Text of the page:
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CTA. 1987. Zero-tillage farming. Spore 7. CTA, Wageningen, The Netherlands.
Permanent link to this item: http://hdl.handle.net/10568/44588
To prevent medium and large-scale farmers in the tropics from losing their fragile land through erosion and other soil. degrading factors scientists and agricultural engineers of the International Institute of Tropical Agriculture (IITA) are of the...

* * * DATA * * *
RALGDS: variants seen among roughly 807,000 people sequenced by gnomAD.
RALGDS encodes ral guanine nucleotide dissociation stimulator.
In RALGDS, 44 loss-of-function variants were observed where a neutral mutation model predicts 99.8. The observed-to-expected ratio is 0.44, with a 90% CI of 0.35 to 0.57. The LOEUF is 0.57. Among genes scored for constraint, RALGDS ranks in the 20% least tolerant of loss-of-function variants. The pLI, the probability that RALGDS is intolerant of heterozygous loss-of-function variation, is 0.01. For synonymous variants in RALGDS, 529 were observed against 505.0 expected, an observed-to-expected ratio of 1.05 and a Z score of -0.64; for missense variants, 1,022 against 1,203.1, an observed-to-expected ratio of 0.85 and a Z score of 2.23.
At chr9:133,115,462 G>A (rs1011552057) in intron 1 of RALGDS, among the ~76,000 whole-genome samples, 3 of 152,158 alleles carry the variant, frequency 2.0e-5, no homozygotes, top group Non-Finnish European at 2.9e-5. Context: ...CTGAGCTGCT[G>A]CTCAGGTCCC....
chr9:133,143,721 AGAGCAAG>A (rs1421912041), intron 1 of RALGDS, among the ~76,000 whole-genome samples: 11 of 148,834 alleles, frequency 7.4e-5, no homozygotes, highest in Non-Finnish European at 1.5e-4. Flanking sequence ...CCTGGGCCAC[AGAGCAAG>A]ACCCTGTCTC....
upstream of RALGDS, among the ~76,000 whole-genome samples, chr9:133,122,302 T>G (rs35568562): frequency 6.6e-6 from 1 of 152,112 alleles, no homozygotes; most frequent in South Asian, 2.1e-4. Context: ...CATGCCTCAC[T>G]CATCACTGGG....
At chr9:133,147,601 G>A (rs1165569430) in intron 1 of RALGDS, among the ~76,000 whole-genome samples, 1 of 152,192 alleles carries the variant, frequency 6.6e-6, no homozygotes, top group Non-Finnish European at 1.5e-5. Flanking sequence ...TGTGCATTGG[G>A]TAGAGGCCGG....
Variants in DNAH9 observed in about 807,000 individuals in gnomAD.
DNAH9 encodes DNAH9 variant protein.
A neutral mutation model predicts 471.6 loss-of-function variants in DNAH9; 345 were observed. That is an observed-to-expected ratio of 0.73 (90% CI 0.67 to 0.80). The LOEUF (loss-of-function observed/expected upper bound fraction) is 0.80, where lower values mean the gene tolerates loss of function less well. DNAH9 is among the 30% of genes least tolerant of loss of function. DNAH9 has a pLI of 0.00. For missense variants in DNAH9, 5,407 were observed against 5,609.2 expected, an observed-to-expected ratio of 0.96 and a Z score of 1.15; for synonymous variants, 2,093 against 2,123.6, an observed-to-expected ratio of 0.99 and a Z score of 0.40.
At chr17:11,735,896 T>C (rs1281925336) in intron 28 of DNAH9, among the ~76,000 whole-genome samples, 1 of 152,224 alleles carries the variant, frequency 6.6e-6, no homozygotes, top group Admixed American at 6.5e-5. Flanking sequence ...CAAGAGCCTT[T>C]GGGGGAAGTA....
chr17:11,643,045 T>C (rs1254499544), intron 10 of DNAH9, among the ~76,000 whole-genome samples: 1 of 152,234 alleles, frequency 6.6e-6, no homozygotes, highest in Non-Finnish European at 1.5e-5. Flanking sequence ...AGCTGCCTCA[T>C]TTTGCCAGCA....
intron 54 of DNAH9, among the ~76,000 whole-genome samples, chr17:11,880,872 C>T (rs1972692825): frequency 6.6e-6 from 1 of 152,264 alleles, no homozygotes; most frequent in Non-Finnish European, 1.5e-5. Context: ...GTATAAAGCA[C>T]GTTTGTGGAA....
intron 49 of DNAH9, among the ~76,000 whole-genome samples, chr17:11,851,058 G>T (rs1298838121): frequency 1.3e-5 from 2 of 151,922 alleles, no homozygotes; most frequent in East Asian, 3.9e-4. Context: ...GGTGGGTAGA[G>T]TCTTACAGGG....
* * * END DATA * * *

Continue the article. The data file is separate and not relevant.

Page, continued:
To prevent medium and large-scale farmers in the tropics from losing their fragile land through erosion and other soil. degrading factors scientists and agricultural engineers of the International Institute of Tropical Agriculture (IITA) are of the opinion that zero-tillage farming is the best option. Zero-tillage farming is essentially farming without ploughing, where seeds are planted in a narrow slit or trench opened up mechanically in the soil. According to IITA, zero-tillage farming gives effective soil management, with cost-saving technology which supports continuous land use. It encourages productivity for all categories of farmers. The compaction and soil degrading effects of heavy machinery are considerably reduced. Zero-tillage farming makes effective post-clearing management possible. Its soil conservation attributes include effective reduction of erosion, increase of waterholding capacity and maintenance of temperature balance in soils. Furthermore, zero-tillage promotes earthworm activity. The IITA report says that the potential of zero-tillage farming for the humid tropics is being increasingly realized. Weed management research including the use of herbicides, is being carried out at IITA, where engineers have developed a series of small planters, fertilizer band applicators and the farmobile, a multi-purpose machine. Some of the techniques and improved tools have proved successful in parts of Nigeria Ghana, Cote d'lvoire, Cameroon, Zaire, Kenya, Zimbabwe, Sri Lanka, the Philippines, Brazil, Colombia, Costa Rica and some southeast Asian countries.